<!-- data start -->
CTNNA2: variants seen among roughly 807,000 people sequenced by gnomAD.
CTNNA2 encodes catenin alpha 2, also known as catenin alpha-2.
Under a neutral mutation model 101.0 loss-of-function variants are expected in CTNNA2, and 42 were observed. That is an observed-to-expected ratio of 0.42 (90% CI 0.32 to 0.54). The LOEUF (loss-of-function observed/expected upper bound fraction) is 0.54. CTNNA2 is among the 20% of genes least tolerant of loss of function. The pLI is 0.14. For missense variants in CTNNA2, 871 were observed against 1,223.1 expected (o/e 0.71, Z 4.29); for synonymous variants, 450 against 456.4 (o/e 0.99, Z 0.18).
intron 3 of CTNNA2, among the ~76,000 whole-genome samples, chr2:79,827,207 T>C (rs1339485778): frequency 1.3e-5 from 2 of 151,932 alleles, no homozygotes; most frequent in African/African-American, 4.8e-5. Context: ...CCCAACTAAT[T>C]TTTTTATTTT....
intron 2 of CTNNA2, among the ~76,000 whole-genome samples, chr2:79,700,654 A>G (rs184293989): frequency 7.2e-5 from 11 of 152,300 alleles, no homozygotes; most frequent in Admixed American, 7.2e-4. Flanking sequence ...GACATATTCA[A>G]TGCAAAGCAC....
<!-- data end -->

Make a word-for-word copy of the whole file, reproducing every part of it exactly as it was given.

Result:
CTNNA2: variants seen among roughly 807,000 people sequenced by gnomAD.
CTNNA2 encodes catenin alpha 2, also known as catenin alpha-2.
Under a neutral mutation model 101.0 loss-of-function variants are expected in CTNNA2, and 42 were observed. That is an observed-to-expected ratio of 0.42 (90% CI 0.32 to 0.54). The LOEUF (loss-of-function observed/expected upper bound fraction) is 0.54. CTNNA2 is among the 20% of genes least tolerant of loss of function. The pLI is 0.14. For missense variants in CTNNA2, 871 were observed against 1,223.1 expected (o/e 0.71, Z 4.29); for synonymous variants, 450 against 456.4 (o/e 0.99, Z 0.18).
intron 3 of CTNNA2, among the ~76,000 whole-genome samples, chr2:79,827,207 T>C (rs1339485778): frequency 1.3e-5 from 2 of 151,932 alleles, no homozygotes; most frequent in African/African-American, 4.8e-5. Context: ...CCCAACTAAT[T>C]TTTTTATTTT....
intron 2 of CTNNA2, among the ~76,000 whole-genome samples, chr2:79,700,654 A>G (rs184293989): frequency 7.2e-5 from 11 of 152,300 alleles, no homozygotes; most frequent in Admixed American, 7.2e-4. Flanking sequence ...GACATATTCA[A>G]TGCAAAGCAC....